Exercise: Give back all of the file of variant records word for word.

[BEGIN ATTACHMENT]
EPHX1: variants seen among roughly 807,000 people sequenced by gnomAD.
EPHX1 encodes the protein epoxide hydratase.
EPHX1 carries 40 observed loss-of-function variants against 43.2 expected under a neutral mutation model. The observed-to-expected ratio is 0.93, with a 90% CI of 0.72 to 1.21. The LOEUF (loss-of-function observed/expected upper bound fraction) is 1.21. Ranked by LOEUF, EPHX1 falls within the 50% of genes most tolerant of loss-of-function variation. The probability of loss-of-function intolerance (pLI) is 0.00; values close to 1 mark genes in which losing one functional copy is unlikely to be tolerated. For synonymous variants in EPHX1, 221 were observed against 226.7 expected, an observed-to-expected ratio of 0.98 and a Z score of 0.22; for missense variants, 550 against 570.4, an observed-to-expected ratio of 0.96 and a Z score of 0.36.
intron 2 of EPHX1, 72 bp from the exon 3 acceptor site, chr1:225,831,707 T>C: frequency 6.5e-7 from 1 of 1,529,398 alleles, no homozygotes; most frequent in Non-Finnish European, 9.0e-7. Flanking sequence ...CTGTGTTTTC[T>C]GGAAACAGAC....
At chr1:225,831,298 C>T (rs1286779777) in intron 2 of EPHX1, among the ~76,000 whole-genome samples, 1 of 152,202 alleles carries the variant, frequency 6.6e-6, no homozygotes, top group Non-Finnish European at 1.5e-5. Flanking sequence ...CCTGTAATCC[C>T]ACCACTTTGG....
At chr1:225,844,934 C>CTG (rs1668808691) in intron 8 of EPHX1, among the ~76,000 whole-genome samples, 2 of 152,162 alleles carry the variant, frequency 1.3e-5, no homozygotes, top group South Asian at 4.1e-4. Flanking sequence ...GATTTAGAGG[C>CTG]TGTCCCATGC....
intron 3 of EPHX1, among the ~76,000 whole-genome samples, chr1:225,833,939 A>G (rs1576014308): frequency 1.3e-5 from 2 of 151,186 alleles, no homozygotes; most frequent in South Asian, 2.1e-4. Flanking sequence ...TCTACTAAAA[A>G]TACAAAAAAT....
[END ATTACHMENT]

EPHX1: variants seen among roughly 807,000 people sequenced by gnomAD.
EPHX1 encodes the protein epoxide hydratase.
EPHX1 carries 40 observed loss-of-function variants against 43.2 expected under a neutral mutation model. The observed-to-expected ratio is 0.93, with a 90% CI of 0.72 to 1.21. The LOEUF (loss-of-function observed/expected upper bound fraction) is 1.21. Ranked by LOEUF, EPHX1 falls within the 50% of genes most tolerant of loss-of-function variation. The probability of loss-of-function intolerance (pLI) is 0.00; values close to 1 mark genes in which losing one functional copy is unlikely to be tolerated. For synonymous variants in EPHX1, 221 were observed against 226.7 expected, an observed-to-expected ratio of 0.98 and a Z score of 0.22; for missense variants, 550 against 570.4, an observed-to-expected ratio of 0.96 and a Z score of 0.36.
intron 2 of EPHX1, 72 bp from the exon 3 acceptor site, chr1:225,831,707 T>C: frequency 6.5e-7 from 1 of 1,529,398 alleles, no homozygotes; most frequent in Non-Finnish European, 9.0e-7. Flanking sequence ...CTGTGTTTTC[T>C]GGAAACAGAC....
At chr1:225,831,298 C>T (rs1286779777) in intron 2 of EPHX1, among the ~76,000 whole-genome samples, 1 of 152,202 alleles carries the variant, frequency 6.6e-6, no homozygotes, top group Non-Finnish European at 1.5e-5. Flanking sequence ...CCTGTAATCC[C>T]ACCACTTTGG....
At chr1:225,844,934 C>CTG (rs1668808691) in intron 8 of EPHX1, among the ~76,000 whole-genome samples, 2 of 152,162 alleles carry the variant, frequency 1.3e-5, no homozygotes, top group South Asian at 4.1e-4. Flanking sequence ...GATTTAGAGG[C>CTG]TGTCCCATGC....
intron 3 of EPHX1, among the ~76,000 whole-genome samples, chr1:225,833,939 A>G (rs1576014308): frequency 1.3e-5 from 2 of 151,186 alleles, no homozygotes; most frequent in South Asian, 2.1e-4. Flanking sequence ...TCTACTAAAA[A>G]TACAAAAAAT....